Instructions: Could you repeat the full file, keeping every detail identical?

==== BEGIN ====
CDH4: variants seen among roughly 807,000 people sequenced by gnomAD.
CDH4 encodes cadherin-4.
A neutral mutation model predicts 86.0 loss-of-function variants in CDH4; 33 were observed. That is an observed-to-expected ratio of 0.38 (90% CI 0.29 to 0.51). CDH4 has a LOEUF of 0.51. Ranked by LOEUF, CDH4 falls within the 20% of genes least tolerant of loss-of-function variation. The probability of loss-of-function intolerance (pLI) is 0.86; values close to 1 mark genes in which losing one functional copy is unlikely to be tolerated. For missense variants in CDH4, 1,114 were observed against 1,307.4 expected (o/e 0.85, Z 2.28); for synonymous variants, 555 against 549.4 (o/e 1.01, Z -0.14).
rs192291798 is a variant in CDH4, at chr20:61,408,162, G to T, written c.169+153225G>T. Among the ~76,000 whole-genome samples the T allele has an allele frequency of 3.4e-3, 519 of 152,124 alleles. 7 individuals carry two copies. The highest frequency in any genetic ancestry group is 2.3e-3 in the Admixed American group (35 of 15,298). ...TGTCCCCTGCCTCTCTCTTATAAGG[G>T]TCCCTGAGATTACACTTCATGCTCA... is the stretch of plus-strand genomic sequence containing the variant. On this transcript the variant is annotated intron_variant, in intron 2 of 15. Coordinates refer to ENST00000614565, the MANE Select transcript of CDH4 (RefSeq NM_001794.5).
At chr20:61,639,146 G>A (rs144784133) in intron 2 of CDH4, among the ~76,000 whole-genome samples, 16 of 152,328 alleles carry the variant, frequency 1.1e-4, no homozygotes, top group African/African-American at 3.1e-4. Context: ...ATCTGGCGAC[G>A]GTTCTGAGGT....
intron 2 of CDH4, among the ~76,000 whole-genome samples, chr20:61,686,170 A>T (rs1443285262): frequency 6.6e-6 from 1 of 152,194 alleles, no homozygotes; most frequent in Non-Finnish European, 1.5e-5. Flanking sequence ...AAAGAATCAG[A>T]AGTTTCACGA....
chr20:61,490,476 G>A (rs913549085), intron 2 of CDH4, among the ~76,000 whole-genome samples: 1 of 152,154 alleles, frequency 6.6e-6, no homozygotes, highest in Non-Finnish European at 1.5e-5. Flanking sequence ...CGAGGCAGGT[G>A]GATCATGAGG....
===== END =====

CDH4: variants seen among roughly 807,000 people sequenced by gnomAD.
CDH4 encodes cadherin-4.
A neutral mutation model predicts 86.0 loss-of-function variants in CDH4; 33 were observed. That is an observed-to-expected ratio of 0.38 (90% CI 0.29 to 0.51). CDH4 has a LOEUF of 0.51. Ranked by LOEUF, CDH4 falls within the 20% of genes least tolerant of loss-of-function variation. The probability of loss-of-function intolerance (pLI) is 0.86; values close to 1 mark genes in which losing one functional copy is unlikely to be tolerated. For missense variants in CDH4, 1,114 were observed against 1,307.4 expected (o/e 0.85, Z 2.28); for synonymous variants, 555 against 549.4 (o/e 1.01, Z -0.14).
rs192291798 is a variant in CDH4, at chr20:61,408,162, G to T, written c.169+153225G>T. Among the ~76,000 whole-genome samples the T allele has an allele frequency of 3.4e-3, 519 of 152,124 alleles. 7 individuals carry two copies. The highest frequency in any genetic ancestry group is 2.3e-3 in the Admixed American group (35 of 15,298). ...TGTCCCCTGCCTCTCTCTTATAAGG[G>T]TCCCTGAGATTACACTTCATGCTCA... is the stretch of plus-strand genomic sequence containing the variant. On this transcript the variant is annotated intron_variant, in intron 2 of 15. Coordinates refer to ENST00000614565, the MANE Select transcript of CDH4 (RefSeq NM_001794.5).
At chr20:61,639,146 G>A (rs144784133) in intron 2 of CDH4, among the ~76,000 whole-genome samples, 16 of 152,328 alleles carry the variant, frequency 1.1e-4, no homozygotes, top group African/African-American at 3.1e-4. Context: ...ATCTGGCGAC[G>A]GTTCTGAGGT....
intron 2 of CDH4, among the ~76,000 whole-genome samples, chr20:61,686,170 A>T (rs1443285262): frequency 6.6e-6 from 1 of 152,194 alleles, no homozygotes; most frequent in Non-Finnish European, 1.5e-5. Flanking sequence ...AAAGAATCAG[A>T]AGTTTCACGA....
chr20:61,490,476 G>A (rs913549085), intron 2 of CDH4, among the ~76,000 whole-genome samples: 1 of 152,154 alleles, frequency 6.6e-6, no homozygotes, highest in Non-Finnish European at 1.5e-5. Flanking sequence ...CGAGGCAGGT[G>A]GATCATGAGG....